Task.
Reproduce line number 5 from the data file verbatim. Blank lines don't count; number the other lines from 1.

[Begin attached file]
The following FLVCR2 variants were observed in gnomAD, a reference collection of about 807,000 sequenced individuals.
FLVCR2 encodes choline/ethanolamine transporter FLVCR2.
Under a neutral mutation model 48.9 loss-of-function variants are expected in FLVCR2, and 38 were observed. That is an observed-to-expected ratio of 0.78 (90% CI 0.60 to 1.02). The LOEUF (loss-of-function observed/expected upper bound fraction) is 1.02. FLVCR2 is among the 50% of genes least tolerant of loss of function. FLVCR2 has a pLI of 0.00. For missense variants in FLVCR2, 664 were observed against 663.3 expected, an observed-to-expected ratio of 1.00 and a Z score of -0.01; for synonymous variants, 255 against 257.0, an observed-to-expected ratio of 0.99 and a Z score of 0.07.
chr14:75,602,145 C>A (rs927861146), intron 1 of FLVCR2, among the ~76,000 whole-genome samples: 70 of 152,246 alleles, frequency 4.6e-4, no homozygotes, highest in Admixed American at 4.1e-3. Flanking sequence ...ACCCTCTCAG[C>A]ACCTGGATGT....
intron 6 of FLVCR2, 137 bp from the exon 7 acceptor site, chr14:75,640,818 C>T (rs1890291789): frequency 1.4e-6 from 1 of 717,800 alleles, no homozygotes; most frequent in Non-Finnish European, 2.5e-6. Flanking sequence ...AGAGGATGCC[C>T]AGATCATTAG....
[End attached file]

intron 6 of FLVCR2, 137 bp from the exon 7 acceptor site, chr14:75,640,818 C>T (rs1890291789): frequency 1.4e-6 from 1 of 717,800 alleles, no homozygotes; most frequent in Non-Finnish European, 2.5e-6. Flanking sequence ...AGAGGATGCC[C>T]AGATCATTAG....